Like all the girls before her, Cleo leaves in a huff shortly after Platinum does, angry at Doc for caring about his robot at all. Doc's not too broken up about losing his girl, or about Platinum having another one of her 'episodes', but then again this is like the tenth time those things have happened to him.

Platinum runs off in the flying saucer, and the other Metal Men catch up to her via Iron-thrown Tin boomerang (including Iron, just roll with it). Apparently she just wanted to blow off some steam by driving. To space. They get a distress signal from a nearby planet, but the flying saucer is hit by a weird beam that shrinks them.

Where this beam came from and why are never really bothered with, probably because it was figured nobody would care. And I guess I don't, really, so whatever. Gold turns into a stack of coins so the Metal Men can still operate the consoles, and Nameless is pretty turned on by it.

Is this another "women, am I right fellas?" kind of thing? Also, Gold's imagination seems pretty lacking these days, he's used that same coin form a bunch of times lately. We get it, gold is valuable. Remember the time you turned into a deck of cards, though? You're better than this, man.

I seem to remember a totally different kind of robot termites from a few issues back, but whatever. I wonder what kind of bourbon is in those barrels. Anyway, a decent fight breaks out, which is naturally handled in one panel as opposed to a whole issue like it would today.

This is a pretty sound victory for the Metal Men, despite Gold's silly tooth form and joke. The angered Termites, however, are already howling for revenge, and scurry away to gather reinforcements for a large-scale Earth invasion.

After a wacky comic relief interlude with the wooden barrel robots, the Metal Men give chase and head back to Earth, still at fun-size. They try to find something in Doc's lab that can make them grow back, but accidentally hit the button for Space Ghost's Stasis Beam. And yes, it was Platinum who messed up, because, you know, women.

The Metal Men are confused with regular toys and shipped to a charity bazaar, where a blind kid picks them up. Nobody else wanted them because unlike the other toys, the frozen Metal Men can't move or talk, but this kid's just a big fan. What is it with poor blind boys and the Metal Men? That night, he hears about the Termites collapsing a bridge, and is brought to tears by how helpless he feels. In a classic fairy tale moment, the tears fall on the tiny frozen Metal Men, who are soon up and moving and back to regular size. Uh, it was something in the saline. It's funny how this comic was supposed to be educational but turned out to be really nonsensical.

They hurry to where the Termites were last seen, but at normal size the little guys move too fast for them. The only solution: blow themselves up, stupid! This is accomplished by Gold forming a coil around the others until Mercury goes kerblooey.

You know, either these guys aren't the best at pattern recognition, or they're like the Venture Brothers and don't remember their many previous deaths.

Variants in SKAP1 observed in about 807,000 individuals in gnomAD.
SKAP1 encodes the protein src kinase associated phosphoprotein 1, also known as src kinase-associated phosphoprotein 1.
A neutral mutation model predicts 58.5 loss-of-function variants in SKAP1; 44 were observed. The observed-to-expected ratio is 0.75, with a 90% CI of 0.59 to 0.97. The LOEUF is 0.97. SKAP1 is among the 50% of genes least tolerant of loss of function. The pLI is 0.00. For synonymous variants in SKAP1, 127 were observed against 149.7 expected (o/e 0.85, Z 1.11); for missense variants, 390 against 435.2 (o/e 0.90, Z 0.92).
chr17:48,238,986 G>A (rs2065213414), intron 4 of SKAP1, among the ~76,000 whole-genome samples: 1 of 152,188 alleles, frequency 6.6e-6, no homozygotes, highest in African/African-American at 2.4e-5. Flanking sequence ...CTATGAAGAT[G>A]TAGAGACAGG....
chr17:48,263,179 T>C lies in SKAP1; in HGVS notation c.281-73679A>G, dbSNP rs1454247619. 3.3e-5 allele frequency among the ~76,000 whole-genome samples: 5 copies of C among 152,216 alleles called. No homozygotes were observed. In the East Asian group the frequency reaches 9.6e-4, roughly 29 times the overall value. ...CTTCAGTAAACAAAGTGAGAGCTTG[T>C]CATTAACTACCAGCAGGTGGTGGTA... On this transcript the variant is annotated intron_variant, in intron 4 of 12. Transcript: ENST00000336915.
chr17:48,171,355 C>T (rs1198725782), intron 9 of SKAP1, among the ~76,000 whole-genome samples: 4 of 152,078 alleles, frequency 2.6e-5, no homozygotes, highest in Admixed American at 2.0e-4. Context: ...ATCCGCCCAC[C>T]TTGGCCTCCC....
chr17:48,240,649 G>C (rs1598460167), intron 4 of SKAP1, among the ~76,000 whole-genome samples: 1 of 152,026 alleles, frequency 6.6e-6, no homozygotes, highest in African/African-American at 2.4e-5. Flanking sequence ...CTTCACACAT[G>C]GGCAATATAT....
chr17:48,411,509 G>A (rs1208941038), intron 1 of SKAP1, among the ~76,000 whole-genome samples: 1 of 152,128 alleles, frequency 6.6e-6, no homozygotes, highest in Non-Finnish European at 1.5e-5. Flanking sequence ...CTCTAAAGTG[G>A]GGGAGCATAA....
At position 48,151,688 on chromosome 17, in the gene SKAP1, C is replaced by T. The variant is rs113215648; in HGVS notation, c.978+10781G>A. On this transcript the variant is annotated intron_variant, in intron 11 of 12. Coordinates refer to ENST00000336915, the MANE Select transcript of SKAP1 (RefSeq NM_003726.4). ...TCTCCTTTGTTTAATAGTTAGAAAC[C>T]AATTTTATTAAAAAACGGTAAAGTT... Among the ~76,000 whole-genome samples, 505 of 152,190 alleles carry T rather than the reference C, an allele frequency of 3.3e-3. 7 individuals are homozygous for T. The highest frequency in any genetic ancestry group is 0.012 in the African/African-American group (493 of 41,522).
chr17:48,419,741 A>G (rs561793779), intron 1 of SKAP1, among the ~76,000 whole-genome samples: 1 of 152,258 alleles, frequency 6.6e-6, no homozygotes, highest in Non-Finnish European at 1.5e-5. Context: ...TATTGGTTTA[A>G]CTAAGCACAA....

I'm a little concerned with the fact that the normal heroic sacrifice has mutated into attention-seeking group suicides more-or-less every issue. Doc investigates the explosion later out of simple scientific curiosity, and revives our metal heroes with the traces he recovers from the scene. Then the whole group heads back to that blind kid's house to thank him (and give him some real Metal Men toys). I hope they went to check in on Billy afterwards, reminded of him by this similar unnamed kid.

Friday, October 18, 2013

It all started with the Big Bang! Part 15 (issue #30)

Jumping forward a bit (and retiring that qualifier since there's only five issues left and the only sequential ones I plan to look at are #33 and #34), we get an oddly modern-style cover (or modern for 1999, at least). This issue stars the Verdict, AKA the Knight Watchman's answer to the Outsiders. If you don't know a lot about the Outsiders, Siskoid will hook you up, but long story short -- they kind of sucked.

The interesting thing about the Verdict is that they were created by Mike W. Barr -- creator of the Outsiders themselves! I don't  think it's super amazing (it was pretty stupid after all, and to be honest so is this issue), but it adds a couple layers to the proceeding story.

This all starts with the Knight Watchman staking out the meeting of some secret society, only for it to be crashed by Psi-Mage, the woman you probably noticed the hardest on the cover up there. Let me just say -- I don't for one second claim to understand what Psi-Mage's powers really are, she seems capable of basically anything. She can even see through that blindfold, I guess, as it's not mentioned to hinder her at all.

She steals that book, but the Knight Watchman bursts in and starts fighting her, even though they're clearly both enemies of the same secret society of wizards or whatever. I never really thought about it, but jeez, superheroes can be so immature; cops don't get into fights over collars like this, for instance.

Also in the group are Hot Wire, some electrical ghost who inhabits the body of a wanted murderer (below) and an edged weapons expert called Kuttar. Similar to how the A-Team gets BA on planes, they have to drug and handcuff the murderess when Hot Wire wants to come out and play. Credit where it's due, that's a somewhat interesting concept.